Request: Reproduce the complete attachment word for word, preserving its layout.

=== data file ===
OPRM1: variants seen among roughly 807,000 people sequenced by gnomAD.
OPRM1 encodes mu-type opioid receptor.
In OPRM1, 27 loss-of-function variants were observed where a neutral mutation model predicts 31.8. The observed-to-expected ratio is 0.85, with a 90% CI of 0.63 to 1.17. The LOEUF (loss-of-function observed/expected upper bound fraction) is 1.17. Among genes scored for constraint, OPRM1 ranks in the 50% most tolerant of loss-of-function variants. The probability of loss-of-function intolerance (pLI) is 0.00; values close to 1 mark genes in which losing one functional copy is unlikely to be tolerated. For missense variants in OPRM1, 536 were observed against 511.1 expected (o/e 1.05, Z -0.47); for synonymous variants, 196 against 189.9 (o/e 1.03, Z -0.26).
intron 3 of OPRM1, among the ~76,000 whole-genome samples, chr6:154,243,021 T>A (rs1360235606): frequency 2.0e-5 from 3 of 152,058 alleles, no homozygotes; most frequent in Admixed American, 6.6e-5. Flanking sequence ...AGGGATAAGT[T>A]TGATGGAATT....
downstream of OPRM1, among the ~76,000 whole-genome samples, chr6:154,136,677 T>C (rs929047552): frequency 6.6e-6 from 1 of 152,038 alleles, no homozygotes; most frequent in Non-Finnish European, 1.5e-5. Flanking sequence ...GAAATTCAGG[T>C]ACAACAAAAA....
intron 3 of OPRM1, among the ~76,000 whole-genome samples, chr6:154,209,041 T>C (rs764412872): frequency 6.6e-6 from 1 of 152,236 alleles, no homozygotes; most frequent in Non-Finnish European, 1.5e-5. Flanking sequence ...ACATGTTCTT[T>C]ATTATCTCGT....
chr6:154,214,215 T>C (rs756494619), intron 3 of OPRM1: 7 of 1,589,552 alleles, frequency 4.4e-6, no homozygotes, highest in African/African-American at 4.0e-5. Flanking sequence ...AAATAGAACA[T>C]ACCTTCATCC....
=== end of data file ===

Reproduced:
OPRM1: variants seen among roughly 807,000 people sequenced by gnomAD.
OPRM1 encodes mu-type opioid receptor.
In OPRM1, 27 loss-of-function variants were observed where a neutral mutation model predicts 31.8. The observed-to-expected ratio is 0.85, with a 90% CI of 0.63 to 1.17. The LOEUF (loss-of-function observed/expected upper bound fraction) is 1.17. Among genes scored for constraint, OPRM1 ranks in the 50% most tolerant of loss-of-function variants. The probability of loss-of-function intolerance (pLI) is 0.00; values close to 1 mark genes in which losing one functional copy is unlikely to be tolerated. For missense variants in OPRM1, 536 were observed against 511.1 expected (o/e 1.05, Z -0.47); for synonymous variants, 196 against 189.9 (o/e 1.03, Z -0.26).
intron 3 of OPRM1, among the ~76,000 whole-genome samples, chr6:154,243,021 T>A (rs1360235606): frequency 2.0e-5 from 3 of 152,058 alleles, no homozygotes; most frequent in Admixed American, 6.6e-5. Flanking sequence ...AGGGATAAGT[T>A]TGATGGAATT....
downstream of OPRM1, among the ~76,000 whole-genome samples, chr6:154,136,677 T>C (rs929047552): frequency 6.6e-6 from 1 of 152,038 alleles, no homozygotes; most frequent in Non-Finnish European, 1.5e-5. Flanking sequence ...GAAATTCAGG[T>C]ACAACAAAAA....
intron 3 of OPRM1, among the ~76,000 whole-genome samples, chr6:154,209,041 T>C (rs764412872): frequency 6.6e-6 from 1 of 152,236 alleles, no homozygotes; most frequent in Non-Finnish European, 1.5e-5. Flanking sequence ...ACATGTTCTT[T>C]ATTATCTCGT....
chr6:154,214,215 T>C (rs756494619), intron 3 of OPRM1: 7 of 1,589,552 alleles, frequency 4.4e-6, no homozygotes, highest in African/African-American at 4.0e-5. Flanking sequence ...AAATAGAACA[T>C]ACCTTCATCC....